TSH and FT4 reference interval recommendations and prevalence of gestational thyroid dysfunction: quantification of current diagnostic approaches

Joris A J Osinga*, Arash Derakhshan, Ulla Feldt-Rasmussen, Kun Huang, Tanja G M Vrijkotte, Tuija Männistö, Judit Bassols, Abel López-Bermejo, Ashraf Aminorroaya, Marina Vafeiadi, Maarten A C Broeren, Glenn E Palomaki, Ghalia Ashoor, Liangmiao Chen, Xuemian Lu, Peter N Taylor, Fang-Biao Tao, Suzanne J Brown, Georgiana Sitoris, Lida ChatziBijay Vaidya, Polina V Popova, Elena A Vasukova, Maryam Kianpour, Eila Suvanto, Elena N Grineva, Andrew Hattersley, Victor J M Pop, Scott M Nelson, John P Walsh, Kypros H Nicolaides, Mary E D'Alton, Kris G Poppe, Layal Chaker, Sofie Bliddal, Tim I M Korevaar

*Corresponding author for this work

Research output: Contribution to journalArticleAcademicpeer-review

3 Citations (Scopus)
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Context: Guidelines recommend use of population- and trimester-specific thyroid-stimulating hormone (TSH) and free thyroxine (FT4) reference intervals (RIs) in pregnancy. Since these are often unavailable, clinicians frequently rely on alternative diagnostic strategies. We sought to quantify the diagnostic consequences of current recommendations. Methods: We included cohorts participating in the Consortium on Thyroid and Pregnancy. Different approaches were used to define RIs: a TSH fixed upper limit of 4.0 mU/L (fixed limit approach), a fixed subtraction from the upper limit for TSH of 0.5 mU/L (subtraction approach) and using nonpregnancy RIs. Outcome measures were sensitivity and false discovery rate (FDR) of women for whom levothyroxine treatment was indicated and those for whom treatment would be considered according to international guidelines. Results: The study population comprised 52 496 participants from 18 cohorts. Compared with the use of trimester-specific RIs, alternative approaches had a low sensitivity (0.63-0.82) and high FDR (0.11-0.35) to detect women with a treatment indication or consideration. Sensitivity and FDR to detect a treatment indication in the first trimester were similar between the fixed limit, subtraction, and nonpregnancy approach (0.77-0.11 vs 0.74-0.16 vs 0.60-0.11). The diagnostic performance to detect overt hypothyroidism, isolated hypothyroxinemia, and (sub)clinical hyperthyroidism mainly varied between FT4 RI approaches, while the diagnostic performance to detect subclinical hypothyroidism varied between the applied TSH RI approaches. Conclusion: Alternative approaches to define RIs for TSH and FT4 in pregnancy result in considerable overdiagnosis and underdiagnosis compared with population- and trimester-specific RIs. Additional strategies need to be explored to optimize identification of thyroid dysfunction during pregnancy.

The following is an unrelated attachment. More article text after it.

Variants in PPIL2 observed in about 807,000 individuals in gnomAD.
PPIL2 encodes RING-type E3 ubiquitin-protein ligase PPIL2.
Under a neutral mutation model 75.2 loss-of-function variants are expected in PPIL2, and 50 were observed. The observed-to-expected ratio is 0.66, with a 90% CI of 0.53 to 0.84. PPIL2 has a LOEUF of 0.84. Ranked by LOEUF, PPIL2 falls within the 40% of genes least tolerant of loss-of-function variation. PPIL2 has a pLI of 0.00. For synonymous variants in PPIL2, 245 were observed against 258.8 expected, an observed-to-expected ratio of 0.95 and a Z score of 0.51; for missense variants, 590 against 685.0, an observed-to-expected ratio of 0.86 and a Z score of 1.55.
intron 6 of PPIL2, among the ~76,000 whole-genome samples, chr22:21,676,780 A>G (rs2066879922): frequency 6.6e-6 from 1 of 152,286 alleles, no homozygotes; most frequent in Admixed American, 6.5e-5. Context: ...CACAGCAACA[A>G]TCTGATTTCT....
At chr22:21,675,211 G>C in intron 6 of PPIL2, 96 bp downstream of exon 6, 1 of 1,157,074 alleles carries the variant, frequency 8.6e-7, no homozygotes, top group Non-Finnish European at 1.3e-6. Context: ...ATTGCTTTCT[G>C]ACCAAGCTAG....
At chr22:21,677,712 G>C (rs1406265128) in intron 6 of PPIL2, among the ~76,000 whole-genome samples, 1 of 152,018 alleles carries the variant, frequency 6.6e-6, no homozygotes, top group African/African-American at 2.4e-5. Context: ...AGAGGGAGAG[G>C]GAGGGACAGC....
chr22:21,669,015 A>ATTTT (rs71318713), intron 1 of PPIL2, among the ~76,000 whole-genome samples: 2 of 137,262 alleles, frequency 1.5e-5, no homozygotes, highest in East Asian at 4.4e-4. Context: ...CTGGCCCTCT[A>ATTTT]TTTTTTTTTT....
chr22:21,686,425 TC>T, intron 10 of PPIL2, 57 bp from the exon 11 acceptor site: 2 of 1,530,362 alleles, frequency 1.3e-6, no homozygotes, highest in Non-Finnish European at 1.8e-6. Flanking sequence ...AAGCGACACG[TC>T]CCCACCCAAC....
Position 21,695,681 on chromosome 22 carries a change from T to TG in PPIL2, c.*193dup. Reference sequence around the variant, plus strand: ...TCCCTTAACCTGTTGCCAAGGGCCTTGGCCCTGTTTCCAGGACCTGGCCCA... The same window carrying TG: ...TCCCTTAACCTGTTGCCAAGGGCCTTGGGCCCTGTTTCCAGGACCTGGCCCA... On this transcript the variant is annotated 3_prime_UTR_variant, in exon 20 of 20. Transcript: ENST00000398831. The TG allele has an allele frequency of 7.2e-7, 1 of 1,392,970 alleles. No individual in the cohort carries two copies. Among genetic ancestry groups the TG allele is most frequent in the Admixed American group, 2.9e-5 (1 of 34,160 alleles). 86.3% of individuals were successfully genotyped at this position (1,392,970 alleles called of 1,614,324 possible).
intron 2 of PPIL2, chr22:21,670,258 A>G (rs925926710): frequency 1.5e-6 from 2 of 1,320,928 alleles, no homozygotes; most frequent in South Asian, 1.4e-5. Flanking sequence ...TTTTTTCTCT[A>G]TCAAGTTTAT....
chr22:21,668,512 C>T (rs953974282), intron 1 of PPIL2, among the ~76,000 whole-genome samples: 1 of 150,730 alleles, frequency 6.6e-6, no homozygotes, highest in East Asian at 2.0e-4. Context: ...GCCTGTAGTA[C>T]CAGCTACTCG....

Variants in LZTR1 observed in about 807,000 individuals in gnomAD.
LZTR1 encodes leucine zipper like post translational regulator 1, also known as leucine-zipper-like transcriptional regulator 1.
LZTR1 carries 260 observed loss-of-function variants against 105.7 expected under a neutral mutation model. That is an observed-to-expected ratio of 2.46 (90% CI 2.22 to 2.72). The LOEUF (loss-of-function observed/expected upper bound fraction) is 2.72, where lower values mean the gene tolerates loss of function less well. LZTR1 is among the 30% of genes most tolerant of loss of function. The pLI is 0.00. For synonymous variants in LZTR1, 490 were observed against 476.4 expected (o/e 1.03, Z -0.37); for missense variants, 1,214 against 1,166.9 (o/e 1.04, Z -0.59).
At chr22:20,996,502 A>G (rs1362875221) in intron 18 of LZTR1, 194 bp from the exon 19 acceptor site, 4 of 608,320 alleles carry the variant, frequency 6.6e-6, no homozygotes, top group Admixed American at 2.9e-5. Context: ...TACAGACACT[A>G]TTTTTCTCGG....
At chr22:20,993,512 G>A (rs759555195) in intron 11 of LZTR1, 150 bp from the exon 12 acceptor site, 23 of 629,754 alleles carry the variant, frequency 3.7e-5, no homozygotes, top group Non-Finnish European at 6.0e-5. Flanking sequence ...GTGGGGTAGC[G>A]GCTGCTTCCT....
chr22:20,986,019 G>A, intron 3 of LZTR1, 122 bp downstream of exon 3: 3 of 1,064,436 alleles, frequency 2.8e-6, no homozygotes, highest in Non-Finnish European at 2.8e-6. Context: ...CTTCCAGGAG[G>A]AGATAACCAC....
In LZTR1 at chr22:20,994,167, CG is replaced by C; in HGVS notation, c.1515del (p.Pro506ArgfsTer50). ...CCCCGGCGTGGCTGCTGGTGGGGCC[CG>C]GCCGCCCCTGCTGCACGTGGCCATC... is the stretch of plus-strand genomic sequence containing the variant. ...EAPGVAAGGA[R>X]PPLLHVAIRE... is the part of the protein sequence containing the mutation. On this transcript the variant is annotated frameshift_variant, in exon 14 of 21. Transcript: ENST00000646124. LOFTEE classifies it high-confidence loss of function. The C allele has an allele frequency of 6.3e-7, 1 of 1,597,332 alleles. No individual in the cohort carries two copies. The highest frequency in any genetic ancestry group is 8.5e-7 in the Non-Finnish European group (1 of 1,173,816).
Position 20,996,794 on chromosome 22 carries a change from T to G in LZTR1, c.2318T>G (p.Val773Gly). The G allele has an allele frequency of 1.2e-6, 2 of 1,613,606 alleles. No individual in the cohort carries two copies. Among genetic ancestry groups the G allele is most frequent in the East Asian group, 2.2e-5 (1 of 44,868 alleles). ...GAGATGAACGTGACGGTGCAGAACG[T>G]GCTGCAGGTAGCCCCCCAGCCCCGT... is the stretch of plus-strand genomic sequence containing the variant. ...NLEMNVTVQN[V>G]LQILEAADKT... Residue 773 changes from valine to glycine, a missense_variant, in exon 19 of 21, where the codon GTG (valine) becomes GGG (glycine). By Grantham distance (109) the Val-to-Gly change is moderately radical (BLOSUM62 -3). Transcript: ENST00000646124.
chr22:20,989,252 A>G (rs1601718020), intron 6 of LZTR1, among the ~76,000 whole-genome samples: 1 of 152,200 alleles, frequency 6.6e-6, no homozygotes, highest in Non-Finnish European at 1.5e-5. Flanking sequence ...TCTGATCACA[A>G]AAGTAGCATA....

Original languageEnglish
Pages (from-to)868-878
Number of pages11
JournalThe Journal of clinical endocrinology and metabolism
Issue number3
Early online date22 Sept 2023
Publication statusPublished - 1 Mar 2024

Bibliographical note

Publisher Copyright:
© 2023 The Author(s). Published by Oxford University Press on behalf of the Endocrine Society.


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